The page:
Mary Barton – Elizabeth Gaskell

“The indigence and sufferings of the operatives induced a suspicion in the minds of many of them, that their legislators, their magistrates, their employers, and even the ministers of religion, were, in general, their oppressors and enemies; and were in league for their prostration and enthralment.”

Q. What was it that prompted so many people to vote for Brexit, and what is fuelling Donald Trump’s campaign, if not the perception that those currently in power have not listened carefully enough to the voices of those who feel they are taking the brunt of the economic downturn?

From Mary Barton, by Elizabeth Gaskell (of Cranford fame)

For three years past trade had been getting worse and worse, and the price of provisions higher and higher.  This disparity between the amount of the earnings of the working classes and the price of their food occasioned, in more cases than could well be imagined, disease and death.  Whole families went through a gradual starvation.  They only wanted a Dante to record their sufferings.  And yet even his words would fall short of the awful truth; they could only present an outline of the tremendous facts of the destitution that surrounded thousands upon thousands in the terrible years 1839, 1840, and 1841.  Even philanthropists, who had studied the subject, were forced to own themselves perplexed in their endeavour to ascertain the real causes of the misery; the whole matter was of so complicated a nature,  that it became next to impossible to understand it thoroughly.  It need excite no surprise, then, to learn that a bad feeling between working-men and the upper classes became very strong in this season of privation.

The indigence and sufferings of the operatives induced a suspicion in the minds of many of them, that their legislators, their magistrates, their employers, and even the ministers of religion, were, in general, their oppressors and enemies; and were in league for their prostration and enthralment. 

The most deplorable and enduring evil that arose out of the period of commercial depression to which I refer, was this feeling of alienation between the different classes of society.  It is so impossible to describe, or even faintly to picture, the state of distress which prevailed in the town at that time, that I will not attempt it; and yet I think again that surely, in a Christian land, it was not known even so feebly as words could tell it, or the more happy and fortunate would have thronged with their sympathy and their aid.  In many instances the sufferers wept first, and then they cursed.  Their vindictive feelings exhibited themselves in rabid politics.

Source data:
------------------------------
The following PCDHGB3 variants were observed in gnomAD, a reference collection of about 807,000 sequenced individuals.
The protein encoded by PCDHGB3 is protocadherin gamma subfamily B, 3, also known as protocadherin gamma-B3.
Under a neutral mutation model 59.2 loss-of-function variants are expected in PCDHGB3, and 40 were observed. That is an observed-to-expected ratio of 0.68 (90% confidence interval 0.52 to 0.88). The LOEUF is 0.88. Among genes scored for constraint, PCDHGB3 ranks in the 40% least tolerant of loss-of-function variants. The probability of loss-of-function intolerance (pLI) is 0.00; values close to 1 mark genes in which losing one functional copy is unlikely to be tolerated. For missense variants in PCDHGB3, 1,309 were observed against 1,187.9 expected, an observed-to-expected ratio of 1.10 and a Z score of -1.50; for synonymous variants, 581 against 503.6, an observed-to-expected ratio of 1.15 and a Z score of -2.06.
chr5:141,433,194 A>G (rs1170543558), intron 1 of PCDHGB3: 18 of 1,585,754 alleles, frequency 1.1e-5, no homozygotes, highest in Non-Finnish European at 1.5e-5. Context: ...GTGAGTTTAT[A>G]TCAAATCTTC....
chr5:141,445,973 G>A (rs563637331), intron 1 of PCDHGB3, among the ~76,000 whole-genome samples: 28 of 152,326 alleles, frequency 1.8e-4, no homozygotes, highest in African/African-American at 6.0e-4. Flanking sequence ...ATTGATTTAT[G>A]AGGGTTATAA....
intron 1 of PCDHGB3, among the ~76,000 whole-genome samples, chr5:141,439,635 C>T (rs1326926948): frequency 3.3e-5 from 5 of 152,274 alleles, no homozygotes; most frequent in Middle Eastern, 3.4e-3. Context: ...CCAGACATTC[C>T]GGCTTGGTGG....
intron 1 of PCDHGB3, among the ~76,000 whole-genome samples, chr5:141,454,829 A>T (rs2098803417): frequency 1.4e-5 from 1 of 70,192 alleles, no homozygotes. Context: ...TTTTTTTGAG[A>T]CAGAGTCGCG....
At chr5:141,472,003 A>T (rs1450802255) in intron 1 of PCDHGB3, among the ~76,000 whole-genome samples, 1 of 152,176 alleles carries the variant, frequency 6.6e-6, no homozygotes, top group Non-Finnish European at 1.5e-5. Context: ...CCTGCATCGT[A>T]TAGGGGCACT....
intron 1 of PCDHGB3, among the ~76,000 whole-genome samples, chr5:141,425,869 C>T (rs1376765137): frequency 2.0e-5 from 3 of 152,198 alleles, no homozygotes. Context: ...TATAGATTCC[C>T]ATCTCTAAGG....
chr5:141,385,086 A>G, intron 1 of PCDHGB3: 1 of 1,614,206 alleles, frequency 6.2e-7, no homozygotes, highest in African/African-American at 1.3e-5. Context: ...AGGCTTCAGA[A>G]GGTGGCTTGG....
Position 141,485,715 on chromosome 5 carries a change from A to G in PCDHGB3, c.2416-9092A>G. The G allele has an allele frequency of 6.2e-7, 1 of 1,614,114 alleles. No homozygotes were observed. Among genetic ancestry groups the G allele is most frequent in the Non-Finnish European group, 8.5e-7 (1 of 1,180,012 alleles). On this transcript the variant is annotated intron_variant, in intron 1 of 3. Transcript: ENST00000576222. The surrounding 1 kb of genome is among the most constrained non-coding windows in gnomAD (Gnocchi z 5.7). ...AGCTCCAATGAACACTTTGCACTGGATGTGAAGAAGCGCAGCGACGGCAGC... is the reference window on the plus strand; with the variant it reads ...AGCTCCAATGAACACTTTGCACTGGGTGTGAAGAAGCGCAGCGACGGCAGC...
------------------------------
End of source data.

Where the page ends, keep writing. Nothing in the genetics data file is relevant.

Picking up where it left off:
And when I hear, as I have heard, of the sufferings and privations of the poor, of provision shops where ha’porths of tea, sugar, butter, and even flour, were sold to accommodate the indigent — of parents sitting in their clothes by the fireside during the whole night, for seven weeks together, in order that their only bed and bedding might be reserved for the use of their large family — of others sleeping upon the cold hearthstone for weeks in succession, without adequate means of providing themselves with food or fuel (and this in the depth of winter)–of others being compelled to fast for days together, uncheered by any hope of better fortune, living, moreover, or rather starving, in a crowded garret, or damp cellar, and gradually sinking under the pressure of want and despair into a premature grave; and when this has been confirmed by the evidence of their careworn looks, their excited feelings, and their desolate homes–can I wonder that many of them, in such times of misery and destitution, spoke and acted with ferocious precipitation?

An idea was now springing up among the operatives,  that originated with the Chartists, but which came at last to be cherished as a darling child by many and many a one.  They could not believe that Government knew of their misery; they rather chose to think it possible that men could voluntarily assume the office of legislators for a nation who were ignorant of its real state; as who should make domestic rules for the pretty behaviour of children without caring to know that those children had been kept for days without food.

Besides, the starving multitudes had heard, that the very existence of their distress had been denied in Parliament; and though they felt this strange and inexplicable, yet the idea that their misery had still to be revealed in all its depths, and that then some remedy would be found, soothed their aching hearts, and kept down their rising fury.

So a petition was framed, and signed by thousands in the bright spring days of 1839, imploring Parliament to hear witnesses who could testify to the unparalleled destitution of the manufacturing districts.  Nottingham, Sheffield, Glasgow, Manchester, and many other towns, were busy appointing delegates to convey this petition, who might speak, not merely of what they had seen, and had heard, but from what they had borne and suffered.  Life-worn, gaunt, anxious, hunger-stamped men, were those delegates.

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